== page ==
The Prince of Wales and The Duchess of Cornwall watch horse racing during The William Hill Supporting Dumfries House Race Day (Ladies Day) at Ayr Racecourse in Ayrshire
The Prince of Wales and Duchess of Cornwall had a day at the races today - and backed a charitable cause in the process.
Known as The Duke and Duchess of Rothesay in Scotland, Their Royal Highnesses were guests of honour for Ladies Day at Ayr Racecourse, Ayrshire, which is holding Scotland's biggest flat racing meeting.
The fixture, part of the William Hill Ayr Gold Cup Festival, was raising funds for Dumfries House, a stately home and estate near Cumnock, which The Duke helped to save for the nation five years ago.
First Minister Alex Salmond, himself a keen race-goer, was among the welcoming party which greeted the couple at the course this afternoon.
The Duke and Duchess began their visit by unveiling a plaque to mark the formal renaming of The Paddock Stand to become The Rothesay Stand.
With strains of jazz audible in the background, both royal guests were presented with posies of roses, heather and thistles by local girls Beth Smith and Annalise Aitken.
Around 4,500 guests turned out for the day's racing which took place in glorious sunshine.
A number of female guests were clearly dressed up for Ladies Day, with many hats, high heels and colourful dresses on show.
Their Royal Highnesses watched four of the seven races from the comfort of the newly named stand.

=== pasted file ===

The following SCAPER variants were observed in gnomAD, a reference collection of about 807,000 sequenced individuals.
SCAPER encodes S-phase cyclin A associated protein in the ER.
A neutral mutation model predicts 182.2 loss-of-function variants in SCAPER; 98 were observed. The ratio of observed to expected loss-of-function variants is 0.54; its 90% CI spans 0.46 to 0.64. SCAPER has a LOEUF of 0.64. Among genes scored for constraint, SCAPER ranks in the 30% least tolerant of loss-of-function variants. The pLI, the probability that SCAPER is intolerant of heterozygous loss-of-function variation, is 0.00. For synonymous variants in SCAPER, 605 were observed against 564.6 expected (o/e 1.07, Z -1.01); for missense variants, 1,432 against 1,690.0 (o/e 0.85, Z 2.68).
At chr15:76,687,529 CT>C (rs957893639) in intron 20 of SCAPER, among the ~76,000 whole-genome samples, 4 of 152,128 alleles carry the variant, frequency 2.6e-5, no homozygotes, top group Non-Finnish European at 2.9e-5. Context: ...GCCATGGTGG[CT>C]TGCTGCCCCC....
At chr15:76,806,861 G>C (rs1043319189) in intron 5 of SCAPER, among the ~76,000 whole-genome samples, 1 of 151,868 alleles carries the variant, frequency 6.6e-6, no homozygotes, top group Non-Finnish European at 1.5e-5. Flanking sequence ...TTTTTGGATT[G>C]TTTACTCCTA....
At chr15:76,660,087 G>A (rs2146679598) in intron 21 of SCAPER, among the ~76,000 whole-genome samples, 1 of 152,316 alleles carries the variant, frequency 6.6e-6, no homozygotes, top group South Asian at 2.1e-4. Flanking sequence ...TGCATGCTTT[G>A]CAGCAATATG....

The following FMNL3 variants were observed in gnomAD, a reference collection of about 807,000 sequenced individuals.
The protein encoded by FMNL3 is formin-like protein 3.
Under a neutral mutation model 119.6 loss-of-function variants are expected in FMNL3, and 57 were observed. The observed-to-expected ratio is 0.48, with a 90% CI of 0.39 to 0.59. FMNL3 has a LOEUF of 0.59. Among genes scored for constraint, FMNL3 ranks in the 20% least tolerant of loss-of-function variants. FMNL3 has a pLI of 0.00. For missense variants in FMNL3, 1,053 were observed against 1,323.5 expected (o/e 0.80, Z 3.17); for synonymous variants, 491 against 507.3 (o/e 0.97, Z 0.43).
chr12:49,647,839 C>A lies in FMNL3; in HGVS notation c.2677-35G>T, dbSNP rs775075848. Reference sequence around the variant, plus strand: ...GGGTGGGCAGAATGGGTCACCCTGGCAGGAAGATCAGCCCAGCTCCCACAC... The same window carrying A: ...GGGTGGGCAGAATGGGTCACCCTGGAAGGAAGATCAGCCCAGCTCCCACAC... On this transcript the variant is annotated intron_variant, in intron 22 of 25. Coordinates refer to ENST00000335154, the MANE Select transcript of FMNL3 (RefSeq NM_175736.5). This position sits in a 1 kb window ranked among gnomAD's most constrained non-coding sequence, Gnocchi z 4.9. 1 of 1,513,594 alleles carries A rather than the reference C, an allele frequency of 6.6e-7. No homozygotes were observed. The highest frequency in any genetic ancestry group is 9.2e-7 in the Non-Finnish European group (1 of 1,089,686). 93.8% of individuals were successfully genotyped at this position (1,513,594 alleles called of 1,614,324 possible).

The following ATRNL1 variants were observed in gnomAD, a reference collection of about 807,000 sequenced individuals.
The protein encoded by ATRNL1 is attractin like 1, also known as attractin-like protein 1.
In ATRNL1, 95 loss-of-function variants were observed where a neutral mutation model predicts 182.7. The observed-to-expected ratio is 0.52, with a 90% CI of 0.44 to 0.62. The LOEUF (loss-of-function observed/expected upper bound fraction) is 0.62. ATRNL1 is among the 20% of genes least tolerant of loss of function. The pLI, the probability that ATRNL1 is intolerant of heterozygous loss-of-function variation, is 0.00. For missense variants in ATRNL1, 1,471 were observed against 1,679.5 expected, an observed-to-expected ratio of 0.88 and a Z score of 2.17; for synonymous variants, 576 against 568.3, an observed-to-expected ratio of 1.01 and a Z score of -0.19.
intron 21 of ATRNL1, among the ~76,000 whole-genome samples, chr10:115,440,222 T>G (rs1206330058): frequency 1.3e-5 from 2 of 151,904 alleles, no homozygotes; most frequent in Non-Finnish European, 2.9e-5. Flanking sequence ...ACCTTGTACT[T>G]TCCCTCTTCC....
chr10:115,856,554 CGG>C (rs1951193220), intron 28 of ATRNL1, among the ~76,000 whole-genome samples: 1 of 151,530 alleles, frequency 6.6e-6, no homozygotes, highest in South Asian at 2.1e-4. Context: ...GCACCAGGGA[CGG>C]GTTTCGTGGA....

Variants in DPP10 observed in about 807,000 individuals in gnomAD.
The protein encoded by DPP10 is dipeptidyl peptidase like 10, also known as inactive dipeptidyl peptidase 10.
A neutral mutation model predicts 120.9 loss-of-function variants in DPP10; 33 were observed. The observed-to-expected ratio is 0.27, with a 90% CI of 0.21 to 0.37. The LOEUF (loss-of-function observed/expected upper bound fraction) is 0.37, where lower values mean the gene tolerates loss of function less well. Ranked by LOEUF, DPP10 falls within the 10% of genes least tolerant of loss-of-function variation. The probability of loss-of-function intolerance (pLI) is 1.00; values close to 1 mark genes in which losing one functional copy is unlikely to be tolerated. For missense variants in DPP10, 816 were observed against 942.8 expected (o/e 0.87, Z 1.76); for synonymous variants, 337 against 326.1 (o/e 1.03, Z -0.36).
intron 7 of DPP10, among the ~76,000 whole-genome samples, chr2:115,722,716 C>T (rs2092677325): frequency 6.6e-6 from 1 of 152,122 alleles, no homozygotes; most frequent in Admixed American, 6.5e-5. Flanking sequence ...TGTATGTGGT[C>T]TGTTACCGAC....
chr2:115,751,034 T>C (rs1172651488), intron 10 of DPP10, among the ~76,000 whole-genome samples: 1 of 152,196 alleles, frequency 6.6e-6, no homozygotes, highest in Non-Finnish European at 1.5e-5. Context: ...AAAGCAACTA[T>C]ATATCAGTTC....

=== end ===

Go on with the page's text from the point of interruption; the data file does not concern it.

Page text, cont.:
Before leaving, The Duke and Duchess presented trophies for the feature race of the afternoon, the William Hill Supporting Dumfries House Ayrshire Handicap Stakes.
The honours went to Kevin Kirkup, owner of winning horse Osteopathic Remedy, and jockey Connor Nichol who secured his first victory.
Reflecting on the day, Mr Salmond said: "This is a huge crowd for Ladies' Day at Ayr and the fact that it's a royal meeting in Scotland adds that lustre.
"Dumfries House is a fantastic cause that the Prince has championed. I was there last night and it's providing great opportunities for young people in employment.
"It's a magnificent house for visitors, events, weddings and functions. It's one of the great showcases of Scotland and the fact that it's here in Ayrshire, I think, is a matter of great local pride.
"It's really becoming a major economic force in Ayrshire, therefore it's a great cause to be supported."
Built between 1754 and 1759, Dumfries House is set in 2,000 acres of land and is acknowledged as one of the most architecturally significant stately homes in the UK. It was last inhabited in 1993.
In his capacity as Great Steward of Scotland, The Duke headed a consortium of charities and heritage bodies which bought the house and its land in 2007. The purchase stopped the house, contents and estate from being broken up.
It was opened to the public for the first time in 250 years in summer 2008.
Their Royal Highnesses also visited Dumfries House while in Ayrshire. All of races were individually sponsored by companies. All the money from their sponsorship is going to the charity set up to run the various regeneration projects linked to the stately home.
Racecourse chairman Alan Macdonald said: "It was a great honour to have Their Royal Highnesses The Duke and Duchess of Rothesay attend Ayr Racecourse. It was a great occasion and both The Duke and Duchess took a great interest in the racing and spoke to all of our sponsors.
"The entire day was to raise funds for Dumfries House. We are proud to have been part of that."